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Patrick McDonald dribbles during Indiana's 1-0 loss to Washington on Sept. 1, 2023. (HN photo/Shrithik Karthik)
Patrick McDonald dribbles during Indiana's 1-0 loss to Washington on Sept. 1, 2023. (HN photo/Shrithik Karthik)

Indiana men’s soccer suffers first loss of season versus Washington

The Huskies’ hostile attack proved too much for the Hoosiers on Friday night

On the eve of Indiana football’s home opener, the stage was set for a men’s soccer match for the ages at Bill Armstrong Stadium, just a few blocks east of The Rock: Five-dollar tickets for anyone who showed an Indiana football ticket, IU Dance Marathon in attendance and a raucous student section packed to the gills.

However, the glitz and glamor could not get Indiana over the hump — the No. 10-ranked Hoosiers had a golden chance to pick up a statement win against Washington on Friday night, but came up short and suffered their first home loss since falling 3-0 to Kentucky on Oct. 22, 2022.

The 22nd-ranked Huskies prevailed 1-0 in a match headlined by two feisty squads who exchanged more than their fair share of fouls and yellow cards.

The Huskies’ attack hit the ground running, setting up numerous chances early on, all of which were either thwarted by the flags of assistant referees or Indiana keeper JT Harms. As the first half went on and the teams exchanged fouls, free kicks and turnovers, Indiana’s offense found its rhythm and appeared to shift momentum.

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Collins Oduro handles the ball in front of the crowd during Indiana's 1-0 loss to Washington on Sept. 1, 2023. (HN photo/Shrithik Karthik)

In the 25th minute, Maouloune Goumballe was called offside attempting to break away from Washington’s back line. Indiana intercepted the subsequent free kick, and Collins Oduro attempted a shot from the top of the 18-yard box. The freshman forward’s shot was one of many long-distance shots snuffed out by Washington keeper Sam Fowler.

Despite Indiana taking 14 shots to Washington’s seven, each team registered six shots on goal. The difference-maker was Fowler’s six saves, to Harms’ five. Many of Indiana’s shots were taken so far away from the end line that they were either blocked by Washington defenders, saved by the omnipresent Fowler or sent over the crossbar.

The Hoosiers had a number of tailor-made opportunities on goal, all in the second half. Tommy Mihalic drew a Washington foul in the 47th minute, setting up an Indiana free kick from 25 yards out. Washington blocked Patrick McDonald’s free kick, volleying the ball into the middle where Sam Sarver waited.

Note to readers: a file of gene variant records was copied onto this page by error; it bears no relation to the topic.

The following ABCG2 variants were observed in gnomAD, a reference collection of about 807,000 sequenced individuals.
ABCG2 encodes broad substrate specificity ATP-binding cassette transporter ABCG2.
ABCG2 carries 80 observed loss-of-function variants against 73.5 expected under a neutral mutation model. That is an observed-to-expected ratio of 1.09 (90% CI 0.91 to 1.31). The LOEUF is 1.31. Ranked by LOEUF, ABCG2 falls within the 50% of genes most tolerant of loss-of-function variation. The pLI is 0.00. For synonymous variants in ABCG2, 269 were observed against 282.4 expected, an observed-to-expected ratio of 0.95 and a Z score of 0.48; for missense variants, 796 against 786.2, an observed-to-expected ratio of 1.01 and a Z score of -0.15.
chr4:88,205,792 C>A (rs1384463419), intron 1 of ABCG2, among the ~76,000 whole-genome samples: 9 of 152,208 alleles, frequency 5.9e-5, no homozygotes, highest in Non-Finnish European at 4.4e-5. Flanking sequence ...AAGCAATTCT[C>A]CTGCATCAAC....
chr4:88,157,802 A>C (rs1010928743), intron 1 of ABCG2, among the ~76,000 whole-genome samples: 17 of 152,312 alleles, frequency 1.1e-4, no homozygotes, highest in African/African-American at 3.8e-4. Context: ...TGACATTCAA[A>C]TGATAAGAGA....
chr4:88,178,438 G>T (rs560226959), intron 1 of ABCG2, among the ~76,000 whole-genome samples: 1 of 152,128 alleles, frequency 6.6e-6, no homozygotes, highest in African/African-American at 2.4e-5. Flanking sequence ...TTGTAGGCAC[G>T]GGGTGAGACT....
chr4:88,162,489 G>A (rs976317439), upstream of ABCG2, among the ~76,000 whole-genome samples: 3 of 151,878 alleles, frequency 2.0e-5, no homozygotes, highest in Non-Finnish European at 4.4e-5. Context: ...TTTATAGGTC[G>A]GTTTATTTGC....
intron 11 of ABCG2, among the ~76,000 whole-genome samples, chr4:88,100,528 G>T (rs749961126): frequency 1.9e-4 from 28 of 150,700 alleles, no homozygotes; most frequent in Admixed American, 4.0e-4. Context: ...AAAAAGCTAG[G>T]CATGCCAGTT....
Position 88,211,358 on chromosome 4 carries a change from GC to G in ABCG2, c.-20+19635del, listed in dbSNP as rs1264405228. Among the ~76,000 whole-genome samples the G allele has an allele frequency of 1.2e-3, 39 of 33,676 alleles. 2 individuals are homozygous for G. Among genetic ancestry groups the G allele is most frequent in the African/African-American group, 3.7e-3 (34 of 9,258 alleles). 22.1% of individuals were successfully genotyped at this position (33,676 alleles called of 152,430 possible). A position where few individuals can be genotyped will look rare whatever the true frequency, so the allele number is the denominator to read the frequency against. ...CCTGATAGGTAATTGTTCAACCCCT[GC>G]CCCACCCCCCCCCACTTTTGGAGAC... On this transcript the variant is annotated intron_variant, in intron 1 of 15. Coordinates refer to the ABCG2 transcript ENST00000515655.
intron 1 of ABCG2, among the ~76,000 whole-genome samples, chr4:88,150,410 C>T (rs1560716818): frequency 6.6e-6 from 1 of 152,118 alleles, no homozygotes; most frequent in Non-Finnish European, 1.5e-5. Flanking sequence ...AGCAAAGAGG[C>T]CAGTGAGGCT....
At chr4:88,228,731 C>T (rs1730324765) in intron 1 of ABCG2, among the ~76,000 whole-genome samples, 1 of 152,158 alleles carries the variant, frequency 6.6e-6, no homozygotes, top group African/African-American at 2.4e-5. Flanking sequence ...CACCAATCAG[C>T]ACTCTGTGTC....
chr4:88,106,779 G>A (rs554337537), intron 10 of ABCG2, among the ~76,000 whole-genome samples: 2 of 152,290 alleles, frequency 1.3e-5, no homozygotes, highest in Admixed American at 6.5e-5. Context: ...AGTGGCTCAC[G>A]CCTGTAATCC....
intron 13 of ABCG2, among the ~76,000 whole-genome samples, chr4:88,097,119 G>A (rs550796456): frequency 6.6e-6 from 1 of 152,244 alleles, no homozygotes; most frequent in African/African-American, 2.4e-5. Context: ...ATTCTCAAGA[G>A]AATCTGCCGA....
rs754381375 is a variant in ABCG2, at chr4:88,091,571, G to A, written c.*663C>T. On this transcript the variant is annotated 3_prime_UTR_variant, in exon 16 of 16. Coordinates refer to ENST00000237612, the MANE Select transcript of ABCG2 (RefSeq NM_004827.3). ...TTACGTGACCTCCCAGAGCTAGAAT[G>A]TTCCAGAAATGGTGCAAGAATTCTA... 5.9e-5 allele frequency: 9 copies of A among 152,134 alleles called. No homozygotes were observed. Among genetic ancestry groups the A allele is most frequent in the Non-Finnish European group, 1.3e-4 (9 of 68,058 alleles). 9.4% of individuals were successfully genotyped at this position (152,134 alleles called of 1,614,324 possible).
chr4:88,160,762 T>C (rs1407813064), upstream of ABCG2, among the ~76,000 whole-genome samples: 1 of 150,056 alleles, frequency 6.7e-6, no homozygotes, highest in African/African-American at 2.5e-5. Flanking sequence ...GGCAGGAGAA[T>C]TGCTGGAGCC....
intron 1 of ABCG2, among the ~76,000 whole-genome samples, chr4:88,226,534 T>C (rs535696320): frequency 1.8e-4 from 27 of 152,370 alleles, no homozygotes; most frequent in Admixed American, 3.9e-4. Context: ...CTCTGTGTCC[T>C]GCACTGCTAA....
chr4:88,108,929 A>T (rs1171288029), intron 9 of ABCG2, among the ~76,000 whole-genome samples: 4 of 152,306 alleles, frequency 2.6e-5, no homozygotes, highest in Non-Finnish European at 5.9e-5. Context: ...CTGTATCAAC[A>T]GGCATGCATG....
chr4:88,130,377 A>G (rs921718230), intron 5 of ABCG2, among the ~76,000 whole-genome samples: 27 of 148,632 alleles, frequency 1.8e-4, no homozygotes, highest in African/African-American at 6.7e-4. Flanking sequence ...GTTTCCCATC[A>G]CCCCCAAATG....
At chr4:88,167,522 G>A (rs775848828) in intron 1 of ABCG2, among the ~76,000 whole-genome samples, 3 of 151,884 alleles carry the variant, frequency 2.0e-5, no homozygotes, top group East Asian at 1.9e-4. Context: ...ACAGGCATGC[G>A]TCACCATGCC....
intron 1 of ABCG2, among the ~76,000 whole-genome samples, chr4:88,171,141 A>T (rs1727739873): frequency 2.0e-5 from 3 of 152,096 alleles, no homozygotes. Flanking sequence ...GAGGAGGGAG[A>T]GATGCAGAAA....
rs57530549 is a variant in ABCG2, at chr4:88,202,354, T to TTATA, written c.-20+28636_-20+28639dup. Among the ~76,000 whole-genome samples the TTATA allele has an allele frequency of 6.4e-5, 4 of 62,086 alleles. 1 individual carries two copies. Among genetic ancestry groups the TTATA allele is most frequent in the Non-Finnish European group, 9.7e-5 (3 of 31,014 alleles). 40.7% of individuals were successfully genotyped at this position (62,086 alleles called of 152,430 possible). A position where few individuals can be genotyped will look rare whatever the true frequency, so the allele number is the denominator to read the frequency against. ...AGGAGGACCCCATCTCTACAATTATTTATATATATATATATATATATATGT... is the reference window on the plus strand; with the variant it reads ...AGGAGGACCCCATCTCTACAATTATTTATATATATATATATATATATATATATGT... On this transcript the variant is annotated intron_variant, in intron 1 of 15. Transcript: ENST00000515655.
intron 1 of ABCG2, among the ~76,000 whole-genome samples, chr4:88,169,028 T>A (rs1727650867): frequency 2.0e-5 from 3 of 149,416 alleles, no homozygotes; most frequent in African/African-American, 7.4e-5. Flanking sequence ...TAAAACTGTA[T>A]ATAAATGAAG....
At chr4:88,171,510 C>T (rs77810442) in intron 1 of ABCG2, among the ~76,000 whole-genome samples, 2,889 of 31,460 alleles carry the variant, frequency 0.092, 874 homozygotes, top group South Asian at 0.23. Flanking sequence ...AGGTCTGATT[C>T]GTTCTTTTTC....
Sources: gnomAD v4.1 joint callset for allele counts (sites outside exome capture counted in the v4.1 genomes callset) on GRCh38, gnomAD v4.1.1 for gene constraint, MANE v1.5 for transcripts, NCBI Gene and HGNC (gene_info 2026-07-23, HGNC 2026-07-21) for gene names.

Sarver’s second-chance opportunity fizzled out, but Mihalic kept the attack alive. He let a high, arcing shot go off his right foot and Fowler leapt to his right, deflecting the ball off the top of the crossbar and out of danger.

Fowler made another phenomenal save in the 59th minute. Oduro dribbled his way toward the corner, crossing the ball to the back post for Sarver. Pushed against the end line, Sarver punched a header on the ground to a charging Mihalic. Mihalic stuttered for a split-second, allowing Fowler to reposition and make another phenomenal diving save. All Mihalic could do afterwards was put his hands on his head in frustration.

The Hoosiers’ last good attacking chance came in the 71st minute when Karsen Henderlong sent a touch pass onto Oduro’s right foot as the duo approached the 18-yard box. Oduro, who is Indiana’s leading goal scorer this season, dribbled down toward the keeper, drawing Fowler out of his net.

Fowler, whose quick reflexes were on full display all night under the floodlights, kept his composure and saved Oduro’s near-post shot with his midsection. After taking a moment to regather, Fowler got back to his feet and maintained a clean sheet for the remainder of the match.

With their keeper personifying a titanium wall, one goal was all the visitors needed. Mere minutes after Oduro’s close-range shot went for naught, crafty touch passes from Washington drew Indiana’s defense just inches out of position, allowing Charlie Kosakoff to stake a solo claim of the middle part of the field. With Harms all alone, the Washington freshman drew Indiana’s senior netminder off of the end line and drove the ball in for his first career goal.

As the ball entered the goal and gave the Huskies the lead, the once-palpable energy exited Bill Armstrong Stadium. Washington had done it — the home crowd was silent. Tempers flared after Hugo Bacharach picked up the ball prior to a Washington free kick shortly after play resumed, with a verbal altercation between the Indiana defender and Washington’s Richie Aman resulting in yellow cards for both men. Indiana shuffled its offensive attack in a last-ditch effort to equalize, but Washington held on to take the victory and improve its record to 2-1.

“They were disappointed,” Indiana head coach Todd Yeagley said of his players after the loss. “A few guys that had some chances were pretty irate. They knew they did enough to get the result.”

Indiana let numerous free kicks and throw-ins in its attacking half go by the wayside, and Yeagley emphasized these restarts as a focal point moving forward, along with minute physical details that led to long-distance shots missing the mark.

With Seton Hall, another NCAA tournament-quality team, on the docket for Monday night, Indiana will keep its training light, much like it did between Tuesday’s match versus DePaul and Friday night.

The Hoosiers now stand at 1-1-1 this season. The Adidas/IU Credit Union Classic concludes on Monday night, when Indiana faces off against Seton Hall at Bill Armstrong Stadium. Kick-off is scheduled for 8 p.m. and the match will be televised on Big Ten Plus.

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